To want extent did native people take part in founding the colonies that would become British North America? Essay
To want extent did native people take part in founding the colonies that would become British North America?
The land that is called Canada today was largely inhabited by Native aboriginal people, prior to the invasion of the Europeans - To want extent did native people take part in founding the colonies that would become British North America? Essay introduction? The natives, were homogenous in nature, and spoke many languages and dialects. By the fifteenth century, sea-navigation techniques had improved and fuelled the European monarchs to expand their domains. In the year 1497, John Cabot, who was sponsored by King Henry VII of England, reached what was then called “the New World”( Bumsted 2002:13). However, it was Frobisher, who on his on his Artic expedition, successfully captured an Inuit family consisting of a man woman and child and brought them back to England in 1577. They, unfortunately, died a month after their arrival there. Naturally, the Native aborigines who had hardly been exposed to any other human beings were frightened and took up arms. The “desperate battle with the Inuit, at Digges Island” (Bumsted 2002:16) stands testimony to this fact. Through repeated voyages taken by the Spanish, French and English sailors, by the sixteenth century, it was ascertained that there was hardly any wealthy or rich ancient civilization in the ‘new world’ to be conquered, nor rich mineral deposits to be exploited. Instead they were sure of abundant fish and fur, and hence both English and French rulers shifted their attention to colonization of the region. These were the very first steps in ‘founding’ of Canada.
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Lack of understanding of the aboriginal languages, and the difficulties in communication were compounded by the air of condescension of the European settlers, including the English. The latter thought themselves superior to the aboriginal people and the term “Savages” denoted the Natives (Bumsted 2002:24) Hence, though it is now clear that the Natives did help the settlers directly or indirectly in the development of the region, it was hardly won any recognition. Serious English colonization began in the early seventeenth century, and in 1610, “the Newfoundland Company” with interests in fishing, was started, and by 1629, the first settlement was established in Cupid’s Cove island, by the English settlers (Bumsted 2002:31)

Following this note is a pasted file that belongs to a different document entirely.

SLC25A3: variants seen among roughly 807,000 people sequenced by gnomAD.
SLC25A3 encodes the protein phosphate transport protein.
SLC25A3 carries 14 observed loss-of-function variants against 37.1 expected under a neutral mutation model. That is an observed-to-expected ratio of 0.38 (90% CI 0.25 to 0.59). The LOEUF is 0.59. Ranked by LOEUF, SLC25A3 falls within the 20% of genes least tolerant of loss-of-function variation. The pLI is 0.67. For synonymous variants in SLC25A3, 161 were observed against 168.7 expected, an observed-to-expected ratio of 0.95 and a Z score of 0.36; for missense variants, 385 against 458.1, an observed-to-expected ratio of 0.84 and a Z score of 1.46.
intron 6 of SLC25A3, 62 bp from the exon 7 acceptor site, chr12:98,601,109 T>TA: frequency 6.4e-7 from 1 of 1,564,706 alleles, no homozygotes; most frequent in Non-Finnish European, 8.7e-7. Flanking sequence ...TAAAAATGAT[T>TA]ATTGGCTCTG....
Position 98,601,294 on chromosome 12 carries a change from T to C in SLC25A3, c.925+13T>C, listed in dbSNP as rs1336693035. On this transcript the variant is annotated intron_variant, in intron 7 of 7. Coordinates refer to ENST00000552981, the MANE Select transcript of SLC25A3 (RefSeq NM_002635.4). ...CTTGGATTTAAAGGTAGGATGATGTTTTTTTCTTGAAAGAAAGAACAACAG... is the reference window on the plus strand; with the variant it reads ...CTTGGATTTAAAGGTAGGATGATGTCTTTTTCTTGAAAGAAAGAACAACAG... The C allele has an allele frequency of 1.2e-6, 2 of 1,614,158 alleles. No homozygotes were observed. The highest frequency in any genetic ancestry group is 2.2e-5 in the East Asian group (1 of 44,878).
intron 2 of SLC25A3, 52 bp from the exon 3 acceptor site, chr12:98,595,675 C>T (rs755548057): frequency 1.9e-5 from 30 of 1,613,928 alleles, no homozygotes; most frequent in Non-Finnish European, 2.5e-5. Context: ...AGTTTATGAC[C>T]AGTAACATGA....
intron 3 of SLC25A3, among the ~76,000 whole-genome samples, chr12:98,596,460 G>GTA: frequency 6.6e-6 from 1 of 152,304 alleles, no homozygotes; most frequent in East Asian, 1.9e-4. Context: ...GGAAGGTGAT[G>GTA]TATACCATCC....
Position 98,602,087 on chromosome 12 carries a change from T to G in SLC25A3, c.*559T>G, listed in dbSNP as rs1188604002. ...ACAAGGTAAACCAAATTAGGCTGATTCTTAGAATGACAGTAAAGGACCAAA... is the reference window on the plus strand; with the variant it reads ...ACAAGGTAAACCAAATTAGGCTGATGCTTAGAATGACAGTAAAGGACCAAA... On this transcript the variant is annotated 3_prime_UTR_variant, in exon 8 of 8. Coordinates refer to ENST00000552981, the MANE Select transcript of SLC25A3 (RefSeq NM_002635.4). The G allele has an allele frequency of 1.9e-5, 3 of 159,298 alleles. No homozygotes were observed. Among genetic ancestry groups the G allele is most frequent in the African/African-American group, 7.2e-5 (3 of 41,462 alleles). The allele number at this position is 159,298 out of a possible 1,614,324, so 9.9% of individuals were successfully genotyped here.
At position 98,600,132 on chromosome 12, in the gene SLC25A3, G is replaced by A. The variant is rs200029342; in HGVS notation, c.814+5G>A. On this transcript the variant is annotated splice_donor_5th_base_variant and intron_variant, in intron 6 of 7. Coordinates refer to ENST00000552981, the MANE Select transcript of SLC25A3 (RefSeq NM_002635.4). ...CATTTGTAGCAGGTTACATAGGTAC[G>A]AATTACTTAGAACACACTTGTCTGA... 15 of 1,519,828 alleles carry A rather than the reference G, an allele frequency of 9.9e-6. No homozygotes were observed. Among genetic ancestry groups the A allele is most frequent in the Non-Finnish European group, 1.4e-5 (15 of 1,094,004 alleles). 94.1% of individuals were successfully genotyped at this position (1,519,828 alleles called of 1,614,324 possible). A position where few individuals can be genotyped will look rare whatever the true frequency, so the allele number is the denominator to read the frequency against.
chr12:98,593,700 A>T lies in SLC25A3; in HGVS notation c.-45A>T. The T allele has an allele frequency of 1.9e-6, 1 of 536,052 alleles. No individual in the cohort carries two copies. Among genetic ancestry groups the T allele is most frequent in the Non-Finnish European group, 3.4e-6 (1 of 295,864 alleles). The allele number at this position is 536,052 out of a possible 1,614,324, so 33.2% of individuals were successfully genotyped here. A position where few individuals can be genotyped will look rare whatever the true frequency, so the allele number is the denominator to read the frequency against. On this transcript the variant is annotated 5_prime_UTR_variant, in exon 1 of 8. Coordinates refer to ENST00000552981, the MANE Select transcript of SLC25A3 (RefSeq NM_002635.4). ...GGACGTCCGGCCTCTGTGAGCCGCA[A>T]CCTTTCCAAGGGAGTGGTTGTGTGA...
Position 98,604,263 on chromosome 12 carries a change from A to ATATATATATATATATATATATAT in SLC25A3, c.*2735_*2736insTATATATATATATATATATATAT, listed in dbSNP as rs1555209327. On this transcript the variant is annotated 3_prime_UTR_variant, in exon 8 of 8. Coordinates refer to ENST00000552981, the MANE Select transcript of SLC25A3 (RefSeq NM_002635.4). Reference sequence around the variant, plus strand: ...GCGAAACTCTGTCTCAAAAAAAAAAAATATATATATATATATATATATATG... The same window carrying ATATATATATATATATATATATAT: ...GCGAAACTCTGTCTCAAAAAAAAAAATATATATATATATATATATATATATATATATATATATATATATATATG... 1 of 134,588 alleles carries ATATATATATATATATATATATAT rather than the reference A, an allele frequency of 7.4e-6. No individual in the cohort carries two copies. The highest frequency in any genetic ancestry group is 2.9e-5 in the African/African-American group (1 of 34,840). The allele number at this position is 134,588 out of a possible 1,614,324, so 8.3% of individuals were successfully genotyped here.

In all these activities involved extensive geographical knowledge of the territory. The natives supplied the geographical knowledge, sometimes even as maps, and played the role of “interpreters, guides” and canoe peddlers, in the exploration activities of the settlers. Furthermore, prior to Columbus, the invasions of the Icelandic Norsemen in what is believed to be Baffin’s island as described by Jones (1964:181-3), point to early encounters with the natives, which have helped map “the Vinland” (Bumstead 2002:7-8) even in the fifteenth century.
Furthermore, some of the Missionaries were successful in converting a few aboriginal people to Christianity and they learned the language of the settlers. There were some skirmishes in which the women of the settlers were taken away by the Natives, and the subsequent offspring that emerged understood the native tongue and the language of the settlers. They further facilitated fur trade with the traders by adapting and communicating through what is know as “pidgin languages” which was a mixture of both Native tongues and “were a complex amalgam of French, Gaelic, English, Cree and Assiniboine.” (Bumstead 2002:23-4)
Importantly, being the original dwellers of the land, they could have denied ownership of lands to the new comers. But, the culture of the aboriginal people focused on “usage” more than ownership; moreover, their lack of political structure and aggressiveness in related issues, facilitated the English settlers to expand their territory under the ruse of trading fur with them. It was only much later did the Natives realize their collective might and gathered together to demand their rightful place in the history of Canada.
In summation, one can perceive the role of the native aboriginal participation in founding of British North America as having been essential, though unrecognized by most historians.
Bumsted, J.M (2002). A History of the Canadian Peoples. Oxford University Press.